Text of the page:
Those of us who have been in the API game for a while remember a time not too long ago when API management was synonymous with “just a gateway.” Back then, we were concerned with managing SOA infrastructure, protecting against threats, and if we were especially forward-thinking, transforming data for our first mobile apps.
Since then, we’ve seen the category expand steadily as new use cases have presented themselves. First up were hybrid integrations that spanned on-premise and cloud environments. Next, those mobile apps rocketed from thousands to millions of users. Data ecosystems began to bridge business units, geographies, third-party partners, and external developers, so we brought portals and SDKs online to streamline API discovery and consumption.
In 2016, we watched as new regulations with API mandates, such as PSD2 and the 21st Century Cures Act, finally forced enterprises to build robust, compliant and sustainable APIs with decent governance. No longer the ugly stepchild of SOA and enterprise security, API management had finally come of age.
Analysts Scramble to Catch Up
For most of its history, API management was evaluated by Gartner under the “application services governance” label. Last year, this finally became untenable due to the expanded role of these platforms in enabling digital transformation. To better cover the category and reflect the market reality, Gartner released its first-ever Magic Quadrant for Full Lifecycle API Management in October 2016. Download a complimentary copy if you haven’t read it yet.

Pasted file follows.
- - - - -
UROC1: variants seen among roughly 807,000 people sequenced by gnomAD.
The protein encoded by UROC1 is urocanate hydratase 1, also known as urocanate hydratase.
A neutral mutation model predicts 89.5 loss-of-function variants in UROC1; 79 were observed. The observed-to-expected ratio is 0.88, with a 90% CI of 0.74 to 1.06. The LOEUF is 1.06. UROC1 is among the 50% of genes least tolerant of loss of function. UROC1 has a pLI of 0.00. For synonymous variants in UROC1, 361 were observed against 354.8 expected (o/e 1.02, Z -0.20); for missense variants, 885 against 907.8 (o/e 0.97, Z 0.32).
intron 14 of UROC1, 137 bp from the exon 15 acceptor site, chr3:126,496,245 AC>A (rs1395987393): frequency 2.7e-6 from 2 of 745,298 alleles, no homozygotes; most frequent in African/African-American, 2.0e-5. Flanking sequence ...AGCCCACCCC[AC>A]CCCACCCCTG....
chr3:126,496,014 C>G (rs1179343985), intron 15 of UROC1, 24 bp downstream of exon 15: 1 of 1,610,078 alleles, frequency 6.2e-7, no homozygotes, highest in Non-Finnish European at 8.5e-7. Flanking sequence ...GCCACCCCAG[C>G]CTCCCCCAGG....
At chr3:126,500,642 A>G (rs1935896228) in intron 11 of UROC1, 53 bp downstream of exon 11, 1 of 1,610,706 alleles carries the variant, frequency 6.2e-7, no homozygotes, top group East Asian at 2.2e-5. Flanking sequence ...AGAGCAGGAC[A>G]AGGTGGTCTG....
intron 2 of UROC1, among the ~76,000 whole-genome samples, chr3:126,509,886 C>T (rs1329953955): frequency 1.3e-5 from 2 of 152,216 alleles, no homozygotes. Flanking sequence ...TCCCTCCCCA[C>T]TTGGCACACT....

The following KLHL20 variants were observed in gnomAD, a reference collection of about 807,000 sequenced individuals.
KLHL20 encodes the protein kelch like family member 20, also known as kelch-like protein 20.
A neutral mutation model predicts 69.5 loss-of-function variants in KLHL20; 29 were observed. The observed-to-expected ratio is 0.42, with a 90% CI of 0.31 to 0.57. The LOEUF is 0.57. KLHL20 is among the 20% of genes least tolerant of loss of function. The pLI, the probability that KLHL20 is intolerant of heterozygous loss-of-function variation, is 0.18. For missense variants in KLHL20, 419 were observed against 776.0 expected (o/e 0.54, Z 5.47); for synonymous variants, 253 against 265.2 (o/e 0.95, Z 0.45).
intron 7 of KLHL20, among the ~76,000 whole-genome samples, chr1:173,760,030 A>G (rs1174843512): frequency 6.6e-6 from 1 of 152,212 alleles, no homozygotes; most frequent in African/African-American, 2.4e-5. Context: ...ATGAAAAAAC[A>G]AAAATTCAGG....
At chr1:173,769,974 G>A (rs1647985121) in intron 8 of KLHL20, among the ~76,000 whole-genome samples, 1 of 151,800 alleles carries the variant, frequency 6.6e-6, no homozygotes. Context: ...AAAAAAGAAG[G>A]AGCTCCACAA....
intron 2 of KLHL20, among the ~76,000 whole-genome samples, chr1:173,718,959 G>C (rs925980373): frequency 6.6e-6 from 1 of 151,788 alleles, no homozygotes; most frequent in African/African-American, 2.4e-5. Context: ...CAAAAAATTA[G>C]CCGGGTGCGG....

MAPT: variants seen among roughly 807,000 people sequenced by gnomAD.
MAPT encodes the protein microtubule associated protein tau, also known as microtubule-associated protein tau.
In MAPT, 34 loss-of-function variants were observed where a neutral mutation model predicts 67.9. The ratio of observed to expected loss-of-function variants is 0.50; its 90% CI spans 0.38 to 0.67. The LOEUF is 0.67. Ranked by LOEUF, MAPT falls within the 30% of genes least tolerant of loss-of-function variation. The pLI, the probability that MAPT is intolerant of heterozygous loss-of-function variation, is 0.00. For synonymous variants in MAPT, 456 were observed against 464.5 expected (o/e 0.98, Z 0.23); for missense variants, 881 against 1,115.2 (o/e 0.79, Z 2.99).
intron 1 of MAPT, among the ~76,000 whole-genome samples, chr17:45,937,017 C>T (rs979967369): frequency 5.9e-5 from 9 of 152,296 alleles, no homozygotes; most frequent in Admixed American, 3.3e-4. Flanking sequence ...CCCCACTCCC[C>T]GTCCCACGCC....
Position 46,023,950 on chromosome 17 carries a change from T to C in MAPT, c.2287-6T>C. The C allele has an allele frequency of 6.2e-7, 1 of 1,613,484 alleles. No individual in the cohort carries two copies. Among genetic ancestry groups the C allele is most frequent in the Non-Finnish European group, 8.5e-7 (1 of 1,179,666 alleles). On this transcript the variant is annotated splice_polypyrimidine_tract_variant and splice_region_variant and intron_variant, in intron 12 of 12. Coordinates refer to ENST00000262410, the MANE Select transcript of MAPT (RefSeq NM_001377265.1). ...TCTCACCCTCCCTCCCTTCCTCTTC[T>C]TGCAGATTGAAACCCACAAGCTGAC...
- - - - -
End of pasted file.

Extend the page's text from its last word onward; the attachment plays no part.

In the preamble, it states that “full lifecycle API management is about the planning, design, implementation, publication, operation, consumption, maintenance and retirement of APIs,” and it stresses how critical these capabilities are to enabling the execution of digital strategies and generating revenue in the API economy. This is a good summary of how far API management has come from being “just a gateway,” and how many different capability sets must now be considered when evaluating a solution.
Our Take on Full Lifecycle API Management
In conjunction with the API Academy, and based on our work with hundreds of customers, we’ve mapped out a comprehensive lifecycle that iterates through nine phases of API provision and consumption. We call this our infinity diagram, and it looks like this:
Given the impact and scale of today’s digital transformation projects, it makes sense to treat APIs as fully-realized products, complete with tools and governance processes that enable the above lifecycle. To provide an infrastructure for this to happen, your API management platform should now provide all of the capabilities that organizations need to accomplish or accelerate each one of these phases.
For example, building APIs would have been outside the scope of an API management solution just over a year ago. Today, tools such as CA Live API Creator are blurring the lines between designing an API and publishing it to target environments – which helps to knit that part of the lifecycle together and accelerate time-to-market.
Where We Go From Here
This year, expect to see the most effective API management solutions deliver more integrated functionality across the full API lifecycle while doubling down on the core capabilities that enterprises have come to depend on: security, orchestration, and developer enablement. For more on the future of these tools, I encourage you to take the time to watch our one-hour webcast on how to elevate your digital strategy with full lifecycle API management or download our latest ebook, Five Pillars of Full Lifecycle API Management.